Continuing on in our Sunday school series “God in the Neighborhood,” we had another great class together. We are learning to see what God is doing in the neighborhood and asking ourselves how we might respond. In previous sessions I introduced the topic, discussed technical and adaptive challenges in the neighborhood and taught how to prayer walk on the block.
We started this session by sharing about our prayer walking experiences this last week. A prayer walk engages us in the places where we live in two ways. First, obviously, we walk (or jog or ride or drive) with the intent of lifting up our neighbors. We pray for the salvation of those who live around us, but we do more than that. We pray for health, safety, family relations, marriages, jobs and anything else God brings to our hearts and minds.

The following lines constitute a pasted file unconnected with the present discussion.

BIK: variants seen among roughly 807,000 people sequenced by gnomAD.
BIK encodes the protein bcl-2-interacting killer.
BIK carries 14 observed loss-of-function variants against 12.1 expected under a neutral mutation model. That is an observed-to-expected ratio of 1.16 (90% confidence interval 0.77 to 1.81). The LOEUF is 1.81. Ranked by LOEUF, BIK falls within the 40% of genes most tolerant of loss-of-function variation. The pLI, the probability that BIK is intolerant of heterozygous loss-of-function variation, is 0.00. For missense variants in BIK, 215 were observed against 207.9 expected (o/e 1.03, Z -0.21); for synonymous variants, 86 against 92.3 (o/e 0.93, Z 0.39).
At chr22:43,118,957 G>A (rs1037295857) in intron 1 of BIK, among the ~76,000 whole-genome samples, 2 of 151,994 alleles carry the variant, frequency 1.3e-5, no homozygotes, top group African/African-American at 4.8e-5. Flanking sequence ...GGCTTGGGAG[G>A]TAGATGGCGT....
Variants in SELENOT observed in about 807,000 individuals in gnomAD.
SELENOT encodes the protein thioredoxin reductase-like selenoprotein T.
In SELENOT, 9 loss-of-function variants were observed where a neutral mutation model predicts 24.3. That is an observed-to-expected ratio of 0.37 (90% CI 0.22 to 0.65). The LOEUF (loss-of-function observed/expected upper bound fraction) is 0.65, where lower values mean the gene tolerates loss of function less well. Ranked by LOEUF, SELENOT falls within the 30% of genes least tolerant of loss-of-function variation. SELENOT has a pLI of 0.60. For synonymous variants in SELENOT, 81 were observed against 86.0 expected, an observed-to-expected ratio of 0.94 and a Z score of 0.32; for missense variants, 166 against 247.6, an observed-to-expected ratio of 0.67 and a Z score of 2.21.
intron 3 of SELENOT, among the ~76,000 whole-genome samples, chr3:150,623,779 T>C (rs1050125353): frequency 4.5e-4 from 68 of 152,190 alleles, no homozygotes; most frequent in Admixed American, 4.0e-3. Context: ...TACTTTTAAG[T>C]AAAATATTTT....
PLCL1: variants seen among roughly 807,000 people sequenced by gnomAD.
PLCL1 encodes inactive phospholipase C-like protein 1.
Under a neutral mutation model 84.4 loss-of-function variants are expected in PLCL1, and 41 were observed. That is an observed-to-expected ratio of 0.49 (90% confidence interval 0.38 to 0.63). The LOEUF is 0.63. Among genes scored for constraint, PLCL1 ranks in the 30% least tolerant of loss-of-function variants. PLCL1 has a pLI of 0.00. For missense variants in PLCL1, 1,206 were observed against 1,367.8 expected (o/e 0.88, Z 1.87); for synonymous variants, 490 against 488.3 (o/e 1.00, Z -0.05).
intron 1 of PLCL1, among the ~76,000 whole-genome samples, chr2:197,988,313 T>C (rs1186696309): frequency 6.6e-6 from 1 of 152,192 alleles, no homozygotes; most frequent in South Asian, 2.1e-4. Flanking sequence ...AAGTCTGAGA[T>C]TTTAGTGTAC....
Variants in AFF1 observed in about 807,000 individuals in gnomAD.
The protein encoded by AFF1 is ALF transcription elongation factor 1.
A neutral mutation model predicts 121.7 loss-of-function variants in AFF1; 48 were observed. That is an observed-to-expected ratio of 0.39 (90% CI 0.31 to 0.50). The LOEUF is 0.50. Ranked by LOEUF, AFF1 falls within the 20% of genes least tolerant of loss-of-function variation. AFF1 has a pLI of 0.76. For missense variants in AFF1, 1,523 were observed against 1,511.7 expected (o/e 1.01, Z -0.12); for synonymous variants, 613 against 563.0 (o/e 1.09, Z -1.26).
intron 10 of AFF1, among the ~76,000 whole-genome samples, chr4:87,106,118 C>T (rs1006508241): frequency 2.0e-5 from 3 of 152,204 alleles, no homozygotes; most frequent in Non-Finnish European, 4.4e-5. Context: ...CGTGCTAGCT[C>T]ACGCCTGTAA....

Margie went prayer "jogging" on Sunday morning. As she was consciously thinking about and praying for the homes on her block, a woman on a bicycle came alongside and began a conversation. The woman told a story of losing an envelope with $2000 in it. The money was supposed to be used for a car and now that dream was shattered. The woman shared openly and honestly about her significant loss. So right there, jogging down the street with a stranger bicycling at her side, Margie let the woman know that she would pray for her.
Praying for our neighbors is certainly the primary outcome of a prayer walk, but there are also other benefits. A second advantage of this exercise is that we learn to see the neighborhood in new and challenging ways. We look at the homes on our block with different eyes, asking God to help us see, hear and learn things that were previously unknown. We intentionally ask, "God what are you up to in my neighborhood?" And we are blessed and changed by what we discover.